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Old 06-13-2011, 03:15 AM   #5
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You can always take a look here to get a rating from Brightscope on your employer plan if it is listed.

BrightScope Ratings

When I RE'd I kept my 401(k) for a year or so while I converted by tIRA to a Roth so I could maximum $'s converted a for minimum tax hit as the basis in the tIRA was very high (I was never able to make deductible contributions).

Even though my company's 401(k) had the lowest fees in its category, its fund choices were limited.
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Old 06-13-2011, 07:25 AM   #6
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You can always take a look here to get a rating from Brightscope on your employer plan if it is listed.

BrightScope Ratings

When I RE'd I kept my 401(k) for a year or so while I converted by tIRA to a Roth so I could maximum $'s converted a for minimum tax hit as the basis in the tIRA was very high (I was never able to make deductible contributions).

Even though my company's 401(k) had the lowest fees in its category, its fund choices were limited.
Nice site, unfortunately my plan isn't a 401k. It's the state's Optional Retirement Plan (ORP). You can choose between the state's final salary program and a defined contribution plan. I went with DC as the DB plan had 10 year vesting and I started working in my mid 40s so i wouldn't have got the big returns out of the DB plan.

Another wrinkle for me is that my retirement money goes in after state tax but federal tax deferred so rolling it into an IRA makes things complicated. I already have some after tax money in my IRA and to include some after state tax too will start to make the tax basis calculations complicated.
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Old 06-13-2011, 07:36 AM   #7
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Our mega-corp has a great 401(k) which provides more options and lower fees than we can get in an IRA.

So, this advise is too general. Your mileage may vary.
While I'd agree with evaluating both 401k's if you're going to roll from one to another, there are very few 401k's that offer as many options or lower fees than a Vanguard, Fidelity, Schwab (and others) brokerage rollover IRA. You can buy most any stock or fund...I've never seen a 401k that didn't limit fund choices, most quite limited. DFA funds in a 401k would warrant serious consideration, but I've never seen that option (not doubting your plan, but that's pretty rare, I'd say your situation is very unusual).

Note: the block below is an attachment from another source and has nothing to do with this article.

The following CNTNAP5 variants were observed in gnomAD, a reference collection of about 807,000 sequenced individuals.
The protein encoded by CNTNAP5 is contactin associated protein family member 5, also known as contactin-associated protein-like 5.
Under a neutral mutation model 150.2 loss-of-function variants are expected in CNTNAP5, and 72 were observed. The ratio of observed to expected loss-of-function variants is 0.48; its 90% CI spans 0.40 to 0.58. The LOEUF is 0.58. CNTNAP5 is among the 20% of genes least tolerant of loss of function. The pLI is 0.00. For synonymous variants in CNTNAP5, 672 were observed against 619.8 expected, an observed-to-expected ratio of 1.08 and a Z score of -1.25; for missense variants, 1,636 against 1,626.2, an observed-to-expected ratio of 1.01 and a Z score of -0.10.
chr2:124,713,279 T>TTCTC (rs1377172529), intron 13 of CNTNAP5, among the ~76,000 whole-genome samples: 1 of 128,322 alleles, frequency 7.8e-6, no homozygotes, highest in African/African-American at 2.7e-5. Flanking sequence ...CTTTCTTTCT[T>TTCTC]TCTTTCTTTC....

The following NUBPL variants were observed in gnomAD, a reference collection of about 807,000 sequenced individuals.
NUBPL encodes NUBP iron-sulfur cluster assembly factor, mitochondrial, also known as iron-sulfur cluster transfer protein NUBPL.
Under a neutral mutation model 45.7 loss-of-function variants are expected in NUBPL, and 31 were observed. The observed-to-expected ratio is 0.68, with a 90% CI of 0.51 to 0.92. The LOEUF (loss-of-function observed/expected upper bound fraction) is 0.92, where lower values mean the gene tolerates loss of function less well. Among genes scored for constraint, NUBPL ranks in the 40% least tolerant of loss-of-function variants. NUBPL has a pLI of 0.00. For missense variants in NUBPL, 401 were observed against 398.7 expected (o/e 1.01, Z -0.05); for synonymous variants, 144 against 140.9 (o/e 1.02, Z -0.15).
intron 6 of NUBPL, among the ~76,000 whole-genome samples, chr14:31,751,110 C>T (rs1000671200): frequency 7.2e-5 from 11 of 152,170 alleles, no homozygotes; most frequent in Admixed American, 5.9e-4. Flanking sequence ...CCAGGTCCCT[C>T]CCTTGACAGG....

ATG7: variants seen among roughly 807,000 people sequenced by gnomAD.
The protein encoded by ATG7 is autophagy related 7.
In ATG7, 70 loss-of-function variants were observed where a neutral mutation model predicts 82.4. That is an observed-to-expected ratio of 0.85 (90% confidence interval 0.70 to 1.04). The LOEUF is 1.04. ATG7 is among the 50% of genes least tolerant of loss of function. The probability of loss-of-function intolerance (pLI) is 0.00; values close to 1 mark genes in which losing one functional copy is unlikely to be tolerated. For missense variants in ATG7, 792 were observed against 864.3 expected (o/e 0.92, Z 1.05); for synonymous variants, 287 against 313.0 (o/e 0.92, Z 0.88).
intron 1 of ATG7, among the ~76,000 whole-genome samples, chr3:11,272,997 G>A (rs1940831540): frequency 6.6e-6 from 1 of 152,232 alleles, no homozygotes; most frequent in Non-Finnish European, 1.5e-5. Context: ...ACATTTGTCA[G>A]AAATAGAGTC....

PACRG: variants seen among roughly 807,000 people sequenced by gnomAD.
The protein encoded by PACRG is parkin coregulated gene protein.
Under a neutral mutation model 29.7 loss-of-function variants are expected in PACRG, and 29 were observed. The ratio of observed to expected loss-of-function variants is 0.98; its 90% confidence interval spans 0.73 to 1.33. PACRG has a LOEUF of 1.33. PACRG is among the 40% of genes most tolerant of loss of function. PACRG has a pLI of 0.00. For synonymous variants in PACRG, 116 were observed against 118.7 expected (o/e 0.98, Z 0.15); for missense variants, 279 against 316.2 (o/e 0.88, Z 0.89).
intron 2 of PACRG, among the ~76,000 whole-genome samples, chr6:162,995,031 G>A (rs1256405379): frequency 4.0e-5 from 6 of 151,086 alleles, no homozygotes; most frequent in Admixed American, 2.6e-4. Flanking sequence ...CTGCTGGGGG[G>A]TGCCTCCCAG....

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Old 06-13-2011, 04:59 PM   #8
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Fidelity offers a range of equity funds, midcap, value etc with expenses of around 1%, not good! its Freedom Funds for between 0.5% and 0.8% and then its Spartan 500 Index at 0.1% and Vanguard Bond Index at 0.22%...but they are the only inexpensive choices.
...
So on average TIAA-CREF is cheaper, but if I moved to Fidelity and kept to Spartan 500 and Vanguard Bond index I'd pay less in fees, but to keep them low I'd be severely limited in my investment choices.
I have a 403(b) at TIAA-CREF and a 401(k) at Fidelity. Fidelity is cheaper for me with expense ratios between 0.1% and 0.22%. I have access to 4 Fidelity Spartan index funds that cover all US stocks, large-cap foreign developed, and the US bond index. One doesn't really need much else, but get the missing stuff in an IRA or taxable account easily, cheaply, and tax efficiently. I avoid the Fidelity actively-managed funds along with their higher expense ratios.